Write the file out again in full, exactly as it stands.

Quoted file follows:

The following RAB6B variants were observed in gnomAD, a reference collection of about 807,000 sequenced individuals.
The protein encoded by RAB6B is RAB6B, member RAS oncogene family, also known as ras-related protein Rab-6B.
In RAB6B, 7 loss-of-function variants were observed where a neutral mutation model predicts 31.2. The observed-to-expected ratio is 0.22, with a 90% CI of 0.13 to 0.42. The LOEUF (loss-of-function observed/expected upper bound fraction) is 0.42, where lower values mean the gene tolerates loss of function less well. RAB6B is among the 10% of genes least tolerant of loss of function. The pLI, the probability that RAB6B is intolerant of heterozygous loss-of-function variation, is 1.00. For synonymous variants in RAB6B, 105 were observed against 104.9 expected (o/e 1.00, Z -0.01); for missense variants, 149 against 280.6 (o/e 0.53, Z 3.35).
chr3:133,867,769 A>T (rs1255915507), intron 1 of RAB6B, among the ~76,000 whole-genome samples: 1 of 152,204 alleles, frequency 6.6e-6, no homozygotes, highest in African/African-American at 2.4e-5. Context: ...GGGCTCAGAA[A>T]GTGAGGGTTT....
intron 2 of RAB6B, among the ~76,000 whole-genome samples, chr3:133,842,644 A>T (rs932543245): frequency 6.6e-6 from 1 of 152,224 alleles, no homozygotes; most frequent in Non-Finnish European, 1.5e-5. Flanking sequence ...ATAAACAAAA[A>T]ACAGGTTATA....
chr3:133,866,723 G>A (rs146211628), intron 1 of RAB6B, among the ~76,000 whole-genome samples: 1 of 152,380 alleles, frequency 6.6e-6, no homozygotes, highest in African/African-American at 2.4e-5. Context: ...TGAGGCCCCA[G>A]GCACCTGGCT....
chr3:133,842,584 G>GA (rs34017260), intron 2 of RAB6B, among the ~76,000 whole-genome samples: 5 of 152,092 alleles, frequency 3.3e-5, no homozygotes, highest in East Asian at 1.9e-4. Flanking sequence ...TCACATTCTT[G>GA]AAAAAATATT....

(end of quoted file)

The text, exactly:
The following RAB6B variants were observed in gnomAD, a reference collection of about 807,000 sequenced individuals.
The protein encoded by RAB6B is RAB6B, member RAS oncogene family, also known as ras-related protein Rab-6B.
In RAB6B, 7 loss-of-function variants were observed where a neutral mutation model predicts 31.2. The observed-to-expected ratio is 0.22, with a 90% CI of 0.13 to 0.42. The LOEUF (loss-of-function observed/expected upper bound fraction) is 0.42, where lower values mean the gene tolerates loss of function less well. RAB6B is among the 10% of genes least tolerant of loss of function. The pLI, the probability that RAB6B is intolerant of heterozygous loss-of-function variation, is 1.00. For synonymous variants in RAB6B, 105 were observed against 104.9 expected (o/e 1.00, Z -0.01); for missense variants, 149 against 280.6 (o/e 0.53, Z 3.35).
chr3:133,867,769 A>T (rs1255915507), intron 1 of RAB6B, among the ~76,000 whole-genome samples: 1 of 152,204 alleles, frequency 6.6e-6, no homozygotes, highest in African/African-American at 2.4e-5. Context: ...GGGCTCAGAA[A>T]GTGAGGGTTT....
intron 2 of RAB6B, among the ~76,000 whole-genome samples, chr3:133,842,644 A>T (rs932543245): frequency 6.6e-6 from 1 of 152,224 alleles, no homozygotes; most frequent in Non-Finnish European, 1.5e-5. Flanking sequence ...ATAAACAAAA[A>T]ACAGGTTATA....
chr3:133,866,723 G>A (rs146211628), intron 1 of RAB6B, among the ~76,000 whole-genome samples: 1 of 152,380 alleles, frequency 6.6e-6, no homozygotes, highest in African/African-American at 2.4e-5. Context: ...TGAGGCCCCA[G>A]GCACCTGGCT....
chr3:133,842,584 G>GA (rs34017260), intron 2 of RAB6B, among the ~76,000 whole-genome samples: 5 of 152,092 alleles, frequency 3.3e-5, no homozygotes, highest in East Asian at 1.9e-4. Flanking sequence ...TCACATTCTT[G>GA]AAAAAATATT....